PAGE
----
By Luca Bruno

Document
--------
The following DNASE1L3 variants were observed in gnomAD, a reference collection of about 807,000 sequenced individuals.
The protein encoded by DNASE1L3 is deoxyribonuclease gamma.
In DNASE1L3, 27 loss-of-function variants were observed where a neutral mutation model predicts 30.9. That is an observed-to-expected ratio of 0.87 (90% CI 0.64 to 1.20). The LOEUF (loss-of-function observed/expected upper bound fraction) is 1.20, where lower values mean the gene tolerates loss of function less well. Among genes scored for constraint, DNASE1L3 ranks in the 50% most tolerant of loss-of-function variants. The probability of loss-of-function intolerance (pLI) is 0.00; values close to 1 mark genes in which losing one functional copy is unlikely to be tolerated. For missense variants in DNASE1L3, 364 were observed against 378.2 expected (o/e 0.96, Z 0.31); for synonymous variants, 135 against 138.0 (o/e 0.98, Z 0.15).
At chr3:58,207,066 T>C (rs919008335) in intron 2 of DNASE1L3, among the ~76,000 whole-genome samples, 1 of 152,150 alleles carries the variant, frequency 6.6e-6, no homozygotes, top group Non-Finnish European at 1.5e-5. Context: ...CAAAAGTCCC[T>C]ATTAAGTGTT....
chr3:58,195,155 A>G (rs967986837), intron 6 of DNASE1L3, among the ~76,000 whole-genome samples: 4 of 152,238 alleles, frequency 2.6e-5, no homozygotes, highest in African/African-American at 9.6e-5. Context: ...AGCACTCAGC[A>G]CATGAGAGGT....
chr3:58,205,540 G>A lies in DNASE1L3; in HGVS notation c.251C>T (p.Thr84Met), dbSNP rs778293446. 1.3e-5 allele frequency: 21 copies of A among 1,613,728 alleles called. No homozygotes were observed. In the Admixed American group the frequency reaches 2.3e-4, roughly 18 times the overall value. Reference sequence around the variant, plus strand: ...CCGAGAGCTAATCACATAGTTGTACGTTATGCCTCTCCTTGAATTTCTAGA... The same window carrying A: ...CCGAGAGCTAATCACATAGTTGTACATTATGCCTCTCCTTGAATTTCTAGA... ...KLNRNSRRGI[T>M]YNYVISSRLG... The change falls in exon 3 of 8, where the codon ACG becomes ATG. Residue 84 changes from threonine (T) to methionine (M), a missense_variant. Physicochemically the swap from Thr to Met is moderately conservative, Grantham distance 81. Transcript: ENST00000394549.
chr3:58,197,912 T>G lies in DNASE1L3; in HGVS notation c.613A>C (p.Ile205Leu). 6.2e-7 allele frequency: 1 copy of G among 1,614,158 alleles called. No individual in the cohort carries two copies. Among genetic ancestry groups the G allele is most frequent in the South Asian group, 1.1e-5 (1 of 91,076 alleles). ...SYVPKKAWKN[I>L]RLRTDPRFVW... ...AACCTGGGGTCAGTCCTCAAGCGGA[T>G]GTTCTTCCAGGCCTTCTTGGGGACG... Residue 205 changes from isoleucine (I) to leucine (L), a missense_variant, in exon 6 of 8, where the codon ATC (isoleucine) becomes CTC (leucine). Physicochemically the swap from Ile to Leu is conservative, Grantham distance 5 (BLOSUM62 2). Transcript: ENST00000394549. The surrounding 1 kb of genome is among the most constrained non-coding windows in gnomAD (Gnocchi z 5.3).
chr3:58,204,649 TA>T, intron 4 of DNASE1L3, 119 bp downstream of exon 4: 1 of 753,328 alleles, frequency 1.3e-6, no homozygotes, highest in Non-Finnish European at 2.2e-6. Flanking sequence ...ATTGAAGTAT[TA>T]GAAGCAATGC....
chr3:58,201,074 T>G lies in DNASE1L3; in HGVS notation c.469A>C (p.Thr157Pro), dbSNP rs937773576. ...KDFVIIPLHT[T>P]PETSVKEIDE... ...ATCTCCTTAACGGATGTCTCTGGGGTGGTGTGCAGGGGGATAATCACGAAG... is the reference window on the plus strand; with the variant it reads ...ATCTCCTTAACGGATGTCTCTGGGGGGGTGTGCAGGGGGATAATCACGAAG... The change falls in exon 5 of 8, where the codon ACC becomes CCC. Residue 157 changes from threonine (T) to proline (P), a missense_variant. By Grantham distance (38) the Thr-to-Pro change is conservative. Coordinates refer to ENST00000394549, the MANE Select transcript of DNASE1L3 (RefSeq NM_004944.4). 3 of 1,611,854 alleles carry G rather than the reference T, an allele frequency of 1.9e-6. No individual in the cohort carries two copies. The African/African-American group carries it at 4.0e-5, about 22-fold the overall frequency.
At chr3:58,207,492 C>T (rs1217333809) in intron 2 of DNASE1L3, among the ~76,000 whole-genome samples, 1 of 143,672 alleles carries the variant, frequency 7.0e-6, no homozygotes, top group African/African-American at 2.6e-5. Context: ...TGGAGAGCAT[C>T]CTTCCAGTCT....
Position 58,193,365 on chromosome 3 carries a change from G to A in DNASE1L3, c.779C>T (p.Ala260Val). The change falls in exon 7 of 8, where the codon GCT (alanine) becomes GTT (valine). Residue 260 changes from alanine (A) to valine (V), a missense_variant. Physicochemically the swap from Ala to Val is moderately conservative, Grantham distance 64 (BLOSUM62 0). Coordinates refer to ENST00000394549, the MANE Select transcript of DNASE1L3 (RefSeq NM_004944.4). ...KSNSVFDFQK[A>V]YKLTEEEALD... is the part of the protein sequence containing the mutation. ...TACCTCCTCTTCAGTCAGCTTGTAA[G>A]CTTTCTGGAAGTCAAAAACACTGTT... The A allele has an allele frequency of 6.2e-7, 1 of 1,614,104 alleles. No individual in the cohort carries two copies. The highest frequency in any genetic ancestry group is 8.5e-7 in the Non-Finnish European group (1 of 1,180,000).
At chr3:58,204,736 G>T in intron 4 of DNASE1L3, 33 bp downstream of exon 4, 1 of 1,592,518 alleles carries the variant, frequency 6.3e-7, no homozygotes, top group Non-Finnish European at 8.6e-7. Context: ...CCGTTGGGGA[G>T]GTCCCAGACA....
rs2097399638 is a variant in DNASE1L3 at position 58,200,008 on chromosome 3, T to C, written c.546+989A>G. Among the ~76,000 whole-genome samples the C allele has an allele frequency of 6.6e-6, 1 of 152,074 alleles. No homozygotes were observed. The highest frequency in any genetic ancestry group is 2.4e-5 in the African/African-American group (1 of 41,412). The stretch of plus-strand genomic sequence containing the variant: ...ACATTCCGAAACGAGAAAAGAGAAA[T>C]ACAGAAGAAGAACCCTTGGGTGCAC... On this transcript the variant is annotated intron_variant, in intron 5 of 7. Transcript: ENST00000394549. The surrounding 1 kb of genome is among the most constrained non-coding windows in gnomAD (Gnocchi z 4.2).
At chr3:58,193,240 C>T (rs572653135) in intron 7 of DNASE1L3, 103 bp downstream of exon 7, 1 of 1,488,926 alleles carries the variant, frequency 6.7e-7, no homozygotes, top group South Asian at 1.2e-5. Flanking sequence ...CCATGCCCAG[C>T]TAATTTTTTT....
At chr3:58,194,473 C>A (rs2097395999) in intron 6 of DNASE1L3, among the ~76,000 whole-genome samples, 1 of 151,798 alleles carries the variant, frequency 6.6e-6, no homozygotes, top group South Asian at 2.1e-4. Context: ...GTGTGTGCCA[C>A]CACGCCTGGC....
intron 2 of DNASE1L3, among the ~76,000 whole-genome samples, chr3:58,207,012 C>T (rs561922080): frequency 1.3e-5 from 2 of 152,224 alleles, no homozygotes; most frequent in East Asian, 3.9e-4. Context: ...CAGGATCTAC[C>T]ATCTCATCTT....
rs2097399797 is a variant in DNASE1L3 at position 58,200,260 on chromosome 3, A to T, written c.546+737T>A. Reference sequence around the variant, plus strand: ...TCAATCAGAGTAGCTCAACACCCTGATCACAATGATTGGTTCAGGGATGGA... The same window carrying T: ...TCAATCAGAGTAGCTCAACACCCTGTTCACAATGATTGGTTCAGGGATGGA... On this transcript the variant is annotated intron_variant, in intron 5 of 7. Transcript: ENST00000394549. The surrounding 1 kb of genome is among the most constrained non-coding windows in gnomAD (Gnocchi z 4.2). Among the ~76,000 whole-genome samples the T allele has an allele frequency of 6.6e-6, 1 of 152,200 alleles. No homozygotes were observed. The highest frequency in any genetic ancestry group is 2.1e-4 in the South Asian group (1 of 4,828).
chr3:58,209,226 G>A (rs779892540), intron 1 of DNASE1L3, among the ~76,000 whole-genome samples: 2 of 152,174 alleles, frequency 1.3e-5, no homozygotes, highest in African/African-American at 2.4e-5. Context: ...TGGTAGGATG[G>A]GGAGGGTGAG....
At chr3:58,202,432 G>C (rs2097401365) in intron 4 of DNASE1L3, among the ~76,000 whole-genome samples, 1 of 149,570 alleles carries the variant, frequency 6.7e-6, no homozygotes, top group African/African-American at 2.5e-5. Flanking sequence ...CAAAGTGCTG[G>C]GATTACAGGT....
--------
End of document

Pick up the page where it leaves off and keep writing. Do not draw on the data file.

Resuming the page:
This paper presents a developing perspective on characters within Japanese visual novel games and their connections to their host cultural domain of Akihabara. The cultural domain comprising Akihabara and its connected fan industries (cf. SUAN 2017: 64) have been alternatively described as a ›database‹ for a ›grand non-narrative‹ (cf. AZUMA 2009: 33–34), as a ›fantasy-scape‹ (cf. RUH 2014: 171), or as an ›imagination-scape‹ (cf. KACSUK 2016: 277). These view-points are concord in their vision of the Akihabara cultural domain as being in a continuous flux, lacking any fixed perspective or origin. This paper will pro-pose characters as the unified perspective of the Akihabara cultural domain. While their design elements are not static and subjected to conventional re-performances (cf. SUAN 2017), ›characters‹ themselves, as hierarchical sets of information, remain recognizable and render their host media as belonging to Akihabara. This activates expectations (as well as related rules and procedures) associated with the domain, which in turn require additional conventional re-performances. Conceptualizing ›characters‹ and their associated conventions as a peculiar type of an intersubjective communicative construct (cf. THON 2016: 54), the paper argues that characters presented in visual novel games are representative for the wider tendency of Akihabara characters to exist prior to all media and narratives. The re-performance of conventions precedes media specificities, narrative peculiarities, or subjective reception.